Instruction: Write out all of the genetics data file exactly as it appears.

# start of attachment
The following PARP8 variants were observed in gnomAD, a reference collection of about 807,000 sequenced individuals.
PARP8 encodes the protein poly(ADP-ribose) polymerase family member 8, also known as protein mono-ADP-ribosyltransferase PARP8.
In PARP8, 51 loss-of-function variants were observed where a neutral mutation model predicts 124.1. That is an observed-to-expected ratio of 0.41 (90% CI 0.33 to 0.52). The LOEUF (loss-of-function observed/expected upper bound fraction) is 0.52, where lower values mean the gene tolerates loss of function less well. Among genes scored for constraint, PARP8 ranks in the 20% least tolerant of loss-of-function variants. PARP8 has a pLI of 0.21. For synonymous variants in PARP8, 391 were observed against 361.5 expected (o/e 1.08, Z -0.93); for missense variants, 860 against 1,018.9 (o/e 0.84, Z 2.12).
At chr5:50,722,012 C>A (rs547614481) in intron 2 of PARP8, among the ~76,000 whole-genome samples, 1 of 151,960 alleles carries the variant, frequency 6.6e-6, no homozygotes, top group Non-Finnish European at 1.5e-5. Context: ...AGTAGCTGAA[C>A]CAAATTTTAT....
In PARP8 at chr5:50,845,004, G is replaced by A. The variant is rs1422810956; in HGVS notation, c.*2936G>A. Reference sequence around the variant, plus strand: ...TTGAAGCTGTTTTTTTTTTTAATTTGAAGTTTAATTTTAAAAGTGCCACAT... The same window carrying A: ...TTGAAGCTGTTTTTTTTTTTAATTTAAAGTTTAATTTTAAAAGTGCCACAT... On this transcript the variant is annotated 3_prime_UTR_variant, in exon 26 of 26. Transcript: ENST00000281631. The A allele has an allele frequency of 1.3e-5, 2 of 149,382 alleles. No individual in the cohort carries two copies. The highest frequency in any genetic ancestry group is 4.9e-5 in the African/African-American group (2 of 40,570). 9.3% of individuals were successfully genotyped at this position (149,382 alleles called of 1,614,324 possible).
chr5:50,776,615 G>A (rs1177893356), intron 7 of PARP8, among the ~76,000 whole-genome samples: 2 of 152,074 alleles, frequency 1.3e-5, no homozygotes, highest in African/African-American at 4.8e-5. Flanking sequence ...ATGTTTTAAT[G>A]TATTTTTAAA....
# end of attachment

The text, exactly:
The following PARP8 variants were observed in gnomAD, a reference collection of about 807,000 sequenced individuals.
PARP8 encodes the protein poly(ADP-ribose) polymerase family member 8, also known as protein mono-ADP-ribosyltransferase PARP8.
In PARP8, 51 loss-of-function variants were observed where a neutral mutation model predicts 124.1. That is an observed-to-expected ratio of 0.41 (90% CI 0.33 to 0.52). The LOEUF (loss-of-function observed/expected upper bound fraction) is 0.52, where lower values mean the gene tolerates loss of function less well. Among genes scored for constraint, PARP8 ranks in the 20% least tolerant of loss-of-function variants. PARP8 has a pLI of 0.21. For synonymous variants in PARP8, 391 were observed against 361.5 expected (o/e 1.08, Z -0.93); for missense variants, 860 against 1,018.9 (o/e 0.84, Z 2.12).
At chr5:50,722,012 C>A (rs547614481) in intron 2 of PARP8, among the ~76,000 whole-genome samples, 1 of 151,960 alleles carries the variant, frequency 6.6e-6, no homozygotes, top group Non-Finnish European at 1.5e-5. Context: ...AGTAGCTGAA[C>A]CAAATTTTAT....
In PARP8 at chr5:50,845,004, G is replaced by A. The variant is rs1422810956; in HGVS notation, c.*2936G>A. Reference sequence around the variant, plus strand: ...TTGAAGCTGTTTTTTTTTTTAATTTGAAGTTTAATTTTAAAAGTGCCACAT... The same window carrying A: ...TTGAAGCTGTTTTTTTTTTTAATTTAAAGTTTAATTTTAAAAGTGCCACAT... On this transcript the variant is annotated 3_prime_UTR_variant, in exon 26 of 26. Transcript: ENST00000281631. The A allele has an allele frequency of 1.3e-5, 2 of 149,382 alleles. No individual in the cohort carries two copies. The highest frequency in any genetic ancestry group is 4.9e-5 in the African/African-American group (2 of 40,570). 9.3% of individuals were successfully genotyped at this position (149,382 alleles called of 1,614,324 possible).
chr5:50,776,615 G>A (rs1177893356), intron 7 of PARP8, among the ~76,000 whole-genome samples: 2 of 152,074 alleles, frequency 1.3e-5, no homozygotes, highest in African/African-American at 4.8e-5. Flanking sequence ...ATGTTTTAAT[G>A]TATTTTTAAA....